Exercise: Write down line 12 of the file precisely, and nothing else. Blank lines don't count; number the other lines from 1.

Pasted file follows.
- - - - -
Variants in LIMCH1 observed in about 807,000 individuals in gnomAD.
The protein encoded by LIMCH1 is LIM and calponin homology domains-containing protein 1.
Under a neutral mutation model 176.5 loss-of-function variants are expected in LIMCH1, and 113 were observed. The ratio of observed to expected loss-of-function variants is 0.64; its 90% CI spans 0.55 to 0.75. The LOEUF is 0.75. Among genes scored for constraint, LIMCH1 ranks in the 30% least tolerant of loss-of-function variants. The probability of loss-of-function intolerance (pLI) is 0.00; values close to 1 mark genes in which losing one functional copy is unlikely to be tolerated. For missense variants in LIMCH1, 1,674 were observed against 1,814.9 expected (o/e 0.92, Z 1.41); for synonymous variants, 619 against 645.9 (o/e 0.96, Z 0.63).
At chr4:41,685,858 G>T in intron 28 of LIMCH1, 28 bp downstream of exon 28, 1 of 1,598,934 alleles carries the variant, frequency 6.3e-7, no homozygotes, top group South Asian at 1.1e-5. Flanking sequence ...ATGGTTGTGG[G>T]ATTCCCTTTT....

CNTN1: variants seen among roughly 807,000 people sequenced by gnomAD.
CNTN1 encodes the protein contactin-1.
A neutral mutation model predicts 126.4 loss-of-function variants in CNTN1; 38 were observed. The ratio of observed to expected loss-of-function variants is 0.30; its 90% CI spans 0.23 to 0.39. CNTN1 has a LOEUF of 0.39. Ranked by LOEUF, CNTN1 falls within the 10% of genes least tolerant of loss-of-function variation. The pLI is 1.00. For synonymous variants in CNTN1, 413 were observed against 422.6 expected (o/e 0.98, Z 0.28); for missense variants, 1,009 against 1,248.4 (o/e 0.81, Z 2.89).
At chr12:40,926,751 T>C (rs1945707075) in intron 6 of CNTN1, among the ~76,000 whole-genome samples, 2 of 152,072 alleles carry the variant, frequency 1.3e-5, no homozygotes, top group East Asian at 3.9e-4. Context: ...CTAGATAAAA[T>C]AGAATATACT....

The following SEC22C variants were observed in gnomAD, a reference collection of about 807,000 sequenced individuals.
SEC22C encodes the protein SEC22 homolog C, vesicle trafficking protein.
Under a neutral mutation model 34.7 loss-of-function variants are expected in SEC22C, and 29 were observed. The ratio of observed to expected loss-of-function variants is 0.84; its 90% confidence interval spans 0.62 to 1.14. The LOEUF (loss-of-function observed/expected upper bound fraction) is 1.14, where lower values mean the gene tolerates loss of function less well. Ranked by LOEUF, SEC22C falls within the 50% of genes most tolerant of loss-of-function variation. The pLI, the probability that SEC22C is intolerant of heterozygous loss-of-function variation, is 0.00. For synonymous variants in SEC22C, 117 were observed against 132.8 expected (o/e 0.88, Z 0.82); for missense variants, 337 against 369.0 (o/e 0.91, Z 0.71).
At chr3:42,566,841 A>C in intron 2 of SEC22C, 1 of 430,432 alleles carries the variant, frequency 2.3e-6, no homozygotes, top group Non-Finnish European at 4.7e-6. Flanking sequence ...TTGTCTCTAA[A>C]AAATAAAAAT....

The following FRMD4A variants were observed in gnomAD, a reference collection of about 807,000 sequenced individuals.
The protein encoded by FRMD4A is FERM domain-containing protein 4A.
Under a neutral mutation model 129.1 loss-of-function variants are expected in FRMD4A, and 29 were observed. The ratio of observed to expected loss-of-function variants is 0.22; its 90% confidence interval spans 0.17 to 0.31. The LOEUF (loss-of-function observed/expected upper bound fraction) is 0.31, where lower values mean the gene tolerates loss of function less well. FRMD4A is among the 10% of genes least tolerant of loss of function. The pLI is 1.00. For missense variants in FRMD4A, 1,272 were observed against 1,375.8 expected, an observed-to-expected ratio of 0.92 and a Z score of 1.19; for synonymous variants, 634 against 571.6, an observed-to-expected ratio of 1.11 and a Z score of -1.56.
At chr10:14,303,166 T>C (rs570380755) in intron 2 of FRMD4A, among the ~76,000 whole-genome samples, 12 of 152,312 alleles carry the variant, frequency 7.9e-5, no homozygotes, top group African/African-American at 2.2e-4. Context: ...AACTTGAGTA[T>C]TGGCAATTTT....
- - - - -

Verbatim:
At chr3:42,566,841 A>C in intron 2 of SEC22C, 1 of 430,432 alleles carries the variant, frequency 2.3e-6, no homozygotes, top group Non-Finnish European at 4.7e-6. Flanking sequence ...TTGTCTCTAA[A>C]AAATAAAAAT....